Solutions?  First off, right plant, right place.  Better education on plant choices in our profession is needed.  Native plants have an apparent advantage and are well adapted to a site’s climate, but are not always the solution.  Other factors must be taken into account, such as on site micro-climates and especially in urban environments, the “Heat Island Effect”.  This is where drought tolerant plants come in, native is preferred, but we mustn’t restrict ourselves.  It is better to be criticized for using an exotic plant and for it to thrive than to use a native plant for “greenwashing” purposes and have it fail.  This will only backfire and give bad PR for native plant strategies. Second, replacing fertilizers products with more sustainable practices.  To avoid causing soil salinization and hence needing more water, we, as landscape architects, should employ techniques such as companion planting.  Soil binders, nitrogen fixers, green manure and pest repelling plants can ensure that a scheme has its required nutrients and soil structure. Thirdly, if irrigation is essential, we must look at using water more efficiently.  This includes using grey water from residential and commercial premises for irrigation.  Rainwater harvesting is also another option, with the added benefit of managing all stormwater on site.  Using potable water is wasteful, while the other options help lower costs and relive pressure on infrastructure.  Practices such as these are vital when you consider that while only 3% of the Earth’s water is suitable for irrigation & consumption, only 0.03% of this available for use by humans. And finally, employing a planting philosophy that uses water efficiently and conserves it, otherwise known as Xeriscaping.  A practice defined in the early 80’s in response to droughts in the American mid west, xeriscaping uses a mixture of native and drought tolerant plants and contoured landscapes to use water efficiently.  It is a practice that is gaining acceptance worldwide and will become a vital element of present and future landscapes. Recommended reading: Dry-Land Gardening: A Xeriscaping Guide for Dry-Summer, Cold-Winter Climates It is clear that the wasteful landscape elements and practices discussed cannot continue, not just from an environmentally conscience or moral perspective, but from a financial one as well.  With the introduction of water charges and rising water costs due to scarcity, irrigation is soon to become an expensive means of maintaining a landscape.  Another factor making water wise schemes a necessity is BREEAM.  More and more developments are seeking BREEAM accreditation to raise their projects value, meaning a must for sustainable practices, a cornerstone of which is water conservation.  BREEAM also has the side effect of acting as a “Greenwashing” tool, projecting a positive PR image of a project to the public.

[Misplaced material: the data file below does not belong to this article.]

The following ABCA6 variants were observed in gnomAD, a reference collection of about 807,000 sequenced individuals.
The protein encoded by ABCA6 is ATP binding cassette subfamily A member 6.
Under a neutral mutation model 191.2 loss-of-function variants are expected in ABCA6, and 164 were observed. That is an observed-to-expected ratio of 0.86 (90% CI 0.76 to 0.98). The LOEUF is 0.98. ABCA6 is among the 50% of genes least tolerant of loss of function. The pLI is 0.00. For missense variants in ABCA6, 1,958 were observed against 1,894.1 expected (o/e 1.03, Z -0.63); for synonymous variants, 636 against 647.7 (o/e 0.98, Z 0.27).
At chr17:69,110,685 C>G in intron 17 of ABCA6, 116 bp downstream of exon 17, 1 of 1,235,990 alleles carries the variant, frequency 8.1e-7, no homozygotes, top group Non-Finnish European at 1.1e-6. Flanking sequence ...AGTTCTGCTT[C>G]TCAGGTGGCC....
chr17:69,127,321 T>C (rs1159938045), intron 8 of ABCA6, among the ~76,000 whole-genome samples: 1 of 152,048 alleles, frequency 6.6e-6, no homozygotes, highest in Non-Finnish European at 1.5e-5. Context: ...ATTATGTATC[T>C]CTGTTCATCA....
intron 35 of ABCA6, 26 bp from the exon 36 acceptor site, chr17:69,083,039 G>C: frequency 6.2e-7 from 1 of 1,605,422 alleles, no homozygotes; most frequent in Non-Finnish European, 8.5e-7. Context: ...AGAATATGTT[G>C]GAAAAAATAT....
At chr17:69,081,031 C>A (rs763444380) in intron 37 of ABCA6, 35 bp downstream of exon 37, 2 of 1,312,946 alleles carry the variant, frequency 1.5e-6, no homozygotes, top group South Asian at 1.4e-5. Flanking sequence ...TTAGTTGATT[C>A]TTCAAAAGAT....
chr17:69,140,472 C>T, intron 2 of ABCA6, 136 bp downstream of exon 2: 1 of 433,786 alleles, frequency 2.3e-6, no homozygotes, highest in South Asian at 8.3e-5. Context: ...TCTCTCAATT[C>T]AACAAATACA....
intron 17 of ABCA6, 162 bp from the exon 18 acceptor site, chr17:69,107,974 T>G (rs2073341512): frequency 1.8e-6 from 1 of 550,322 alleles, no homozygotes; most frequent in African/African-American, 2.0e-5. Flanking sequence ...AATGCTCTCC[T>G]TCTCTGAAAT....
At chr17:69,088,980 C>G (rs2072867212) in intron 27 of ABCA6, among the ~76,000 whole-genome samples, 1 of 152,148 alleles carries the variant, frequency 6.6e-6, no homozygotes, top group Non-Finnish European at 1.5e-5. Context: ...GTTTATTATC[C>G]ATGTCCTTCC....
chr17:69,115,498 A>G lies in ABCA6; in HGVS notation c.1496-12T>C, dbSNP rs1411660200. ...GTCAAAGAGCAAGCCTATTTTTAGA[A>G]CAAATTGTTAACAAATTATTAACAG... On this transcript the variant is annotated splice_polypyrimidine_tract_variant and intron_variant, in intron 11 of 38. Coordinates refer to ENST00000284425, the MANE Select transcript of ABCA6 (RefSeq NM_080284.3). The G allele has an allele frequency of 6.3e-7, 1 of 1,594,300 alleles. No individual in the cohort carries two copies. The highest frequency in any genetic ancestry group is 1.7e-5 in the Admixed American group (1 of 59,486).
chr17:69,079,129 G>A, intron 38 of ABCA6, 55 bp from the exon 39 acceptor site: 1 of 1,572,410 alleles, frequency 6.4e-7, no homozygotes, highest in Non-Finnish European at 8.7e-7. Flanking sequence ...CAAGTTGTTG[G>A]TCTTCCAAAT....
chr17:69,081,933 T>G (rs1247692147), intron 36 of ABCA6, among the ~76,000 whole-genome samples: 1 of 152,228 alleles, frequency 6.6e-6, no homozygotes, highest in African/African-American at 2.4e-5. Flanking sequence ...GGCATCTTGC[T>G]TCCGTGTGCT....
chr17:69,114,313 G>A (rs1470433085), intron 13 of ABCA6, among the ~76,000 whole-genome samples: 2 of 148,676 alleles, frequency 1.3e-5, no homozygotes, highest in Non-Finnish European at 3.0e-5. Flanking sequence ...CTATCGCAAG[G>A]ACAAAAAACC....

Desert home, Green Valley Arizona; credit: Bruce C. Murray /

The question remains, what can landscape architects really do?  BREEAM and sustainable landscape practices are great and everything, but they’re not going to reverse the problem of water shortages.  While this is true, landscape architecture still has a duty as a profession to play its (vital) part in a sustainable world that is adapting to a constantly changing, emergent environment

Article written by Joe Clancy Featured image: Ev Thomas /

This article was originally submitted to Landscape Architects Network

Published in Blog